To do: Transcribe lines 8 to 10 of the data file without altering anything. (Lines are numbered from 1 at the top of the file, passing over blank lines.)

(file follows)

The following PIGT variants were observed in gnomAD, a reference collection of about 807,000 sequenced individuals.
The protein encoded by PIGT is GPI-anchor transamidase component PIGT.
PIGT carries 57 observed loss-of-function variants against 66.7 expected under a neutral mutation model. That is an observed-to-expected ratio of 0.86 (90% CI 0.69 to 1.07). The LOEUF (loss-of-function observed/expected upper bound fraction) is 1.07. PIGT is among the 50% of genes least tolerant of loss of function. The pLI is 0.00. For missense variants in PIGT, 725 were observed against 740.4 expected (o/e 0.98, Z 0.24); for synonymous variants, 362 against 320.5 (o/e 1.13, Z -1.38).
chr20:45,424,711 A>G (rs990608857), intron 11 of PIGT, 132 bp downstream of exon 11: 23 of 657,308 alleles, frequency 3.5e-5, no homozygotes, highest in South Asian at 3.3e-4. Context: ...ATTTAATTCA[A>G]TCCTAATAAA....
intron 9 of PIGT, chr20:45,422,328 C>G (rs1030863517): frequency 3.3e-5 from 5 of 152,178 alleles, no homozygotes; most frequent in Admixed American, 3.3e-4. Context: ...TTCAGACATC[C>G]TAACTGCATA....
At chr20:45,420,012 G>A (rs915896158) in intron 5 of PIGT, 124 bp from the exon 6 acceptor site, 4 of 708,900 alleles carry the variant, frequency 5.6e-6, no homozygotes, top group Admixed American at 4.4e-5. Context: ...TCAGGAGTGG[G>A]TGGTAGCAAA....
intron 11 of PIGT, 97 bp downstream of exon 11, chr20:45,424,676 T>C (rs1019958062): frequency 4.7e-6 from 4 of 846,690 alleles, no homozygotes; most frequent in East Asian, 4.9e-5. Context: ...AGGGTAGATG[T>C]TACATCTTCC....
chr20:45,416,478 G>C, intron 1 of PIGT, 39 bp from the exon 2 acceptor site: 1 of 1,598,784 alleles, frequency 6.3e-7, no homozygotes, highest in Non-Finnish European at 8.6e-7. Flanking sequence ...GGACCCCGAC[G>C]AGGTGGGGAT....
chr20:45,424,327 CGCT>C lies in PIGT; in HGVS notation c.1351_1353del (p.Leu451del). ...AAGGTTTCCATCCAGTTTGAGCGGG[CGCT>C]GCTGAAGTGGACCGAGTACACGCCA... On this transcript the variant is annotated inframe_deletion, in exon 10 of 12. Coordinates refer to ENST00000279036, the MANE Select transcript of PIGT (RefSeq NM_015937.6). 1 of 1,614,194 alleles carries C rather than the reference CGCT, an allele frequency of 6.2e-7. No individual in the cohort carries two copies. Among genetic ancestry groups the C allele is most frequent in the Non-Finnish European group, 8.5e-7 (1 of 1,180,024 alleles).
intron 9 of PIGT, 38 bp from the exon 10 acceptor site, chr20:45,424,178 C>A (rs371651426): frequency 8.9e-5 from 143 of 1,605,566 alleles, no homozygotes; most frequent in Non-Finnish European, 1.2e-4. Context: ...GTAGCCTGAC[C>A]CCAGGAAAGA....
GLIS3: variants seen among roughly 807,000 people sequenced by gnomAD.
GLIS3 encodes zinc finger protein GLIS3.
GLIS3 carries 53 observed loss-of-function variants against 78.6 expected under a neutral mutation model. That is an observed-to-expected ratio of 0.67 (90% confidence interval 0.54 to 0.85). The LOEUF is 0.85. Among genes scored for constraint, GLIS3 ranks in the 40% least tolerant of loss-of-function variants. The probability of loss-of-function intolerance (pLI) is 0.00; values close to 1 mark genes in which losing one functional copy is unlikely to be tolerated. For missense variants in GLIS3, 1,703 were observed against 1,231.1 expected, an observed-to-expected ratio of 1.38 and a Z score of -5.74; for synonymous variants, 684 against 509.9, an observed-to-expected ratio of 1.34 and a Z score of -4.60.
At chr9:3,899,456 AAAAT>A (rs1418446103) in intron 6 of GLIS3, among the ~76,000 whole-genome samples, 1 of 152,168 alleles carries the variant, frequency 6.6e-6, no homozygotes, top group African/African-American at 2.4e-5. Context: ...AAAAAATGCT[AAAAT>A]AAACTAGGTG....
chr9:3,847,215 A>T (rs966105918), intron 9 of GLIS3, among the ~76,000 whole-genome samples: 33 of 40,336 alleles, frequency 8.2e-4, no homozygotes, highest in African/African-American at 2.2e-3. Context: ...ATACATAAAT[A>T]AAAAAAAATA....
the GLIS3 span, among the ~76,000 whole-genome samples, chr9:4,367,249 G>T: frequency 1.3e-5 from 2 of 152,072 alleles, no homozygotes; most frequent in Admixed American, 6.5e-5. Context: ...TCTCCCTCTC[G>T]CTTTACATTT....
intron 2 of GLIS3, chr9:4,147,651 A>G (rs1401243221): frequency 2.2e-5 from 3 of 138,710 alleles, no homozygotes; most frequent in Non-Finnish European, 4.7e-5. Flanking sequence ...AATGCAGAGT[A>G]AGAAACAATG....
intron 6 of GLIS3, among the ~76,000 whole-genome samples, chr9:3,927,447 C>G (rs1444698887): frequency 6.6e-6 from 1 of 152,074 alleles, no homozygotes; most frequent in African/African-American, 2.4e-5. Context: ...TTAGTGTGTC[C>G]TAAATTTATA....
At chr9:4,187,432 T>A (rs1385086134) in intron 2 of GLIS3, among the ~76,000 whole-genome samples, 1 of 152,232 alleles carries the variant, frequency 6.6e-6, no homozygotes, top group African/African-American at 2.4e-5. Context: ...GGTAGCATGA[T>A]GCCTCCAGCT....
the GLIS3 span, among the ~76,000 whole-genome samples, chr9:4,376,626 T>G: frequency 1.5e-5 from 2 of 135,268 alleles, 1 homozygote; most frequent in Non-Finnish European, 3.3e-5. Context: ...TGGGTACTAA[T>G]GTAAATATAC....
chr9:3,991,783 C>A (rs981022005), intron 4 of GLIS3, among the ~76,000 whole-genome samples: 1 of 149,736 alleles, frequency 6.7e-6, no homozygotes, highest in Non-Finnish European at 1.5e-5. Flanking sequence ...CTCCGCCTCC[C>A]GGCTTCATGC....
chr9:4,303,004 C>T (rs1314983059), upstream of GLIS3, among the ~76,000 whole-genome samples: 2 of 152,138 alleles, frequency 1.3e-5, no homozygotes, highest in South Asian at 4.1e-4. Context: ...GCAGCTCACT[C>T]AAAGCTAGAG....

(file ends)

chr20:45,416,478 G>C, intron 1 of PIGT, 39 bp from the exon 2 acceptor site: 1 of 1,598,784 alleles, frequency 6.3e-7, no homozygotes, highest in Non-Finnish European at 8.6e-7. Flanking sequence ...GGACCCCGAC[G>C]AGGTGGGGAT....
chr20:45,424,327 CGCT>C lies in PIGT; in HGVS notation c.1351_1353del (p.Leu451del). ...AAGGTTTCCATCCAGTTTGAGCGGG[CGCT>C]GCTGAAGTGGACCGAGTACACGCCA... On this transcript the variant is annotated inframe_deletion, in exon 10 of 12. Coordinates refer to ENST00000279036, the MANE Select transcript of PIGT (RefSeq NM_015937.6). 1 of 1,614,194 alleles carries C rather than the reference CGCT, an allele frequency of 6.2e-7. No individual in the cohort carries two copies. Among genetic ancestry groups the C allele is most frequent in the Non-Finnish European group, 8.5e-7 (1 of 1,180,024 alleles).
intron 9 of PIGT, 38 bp from the exon 10 acceptor site, chr20:45,424,178 C>A (rs371651426): frequency 8.9e-5 from 143 of 1,605,566 alleles, no homozygotes; most frequent in Non-Finnish European, 1.2e-4. Context: ...GTAGCCTGAC[C>A]CCAGGAAAGA....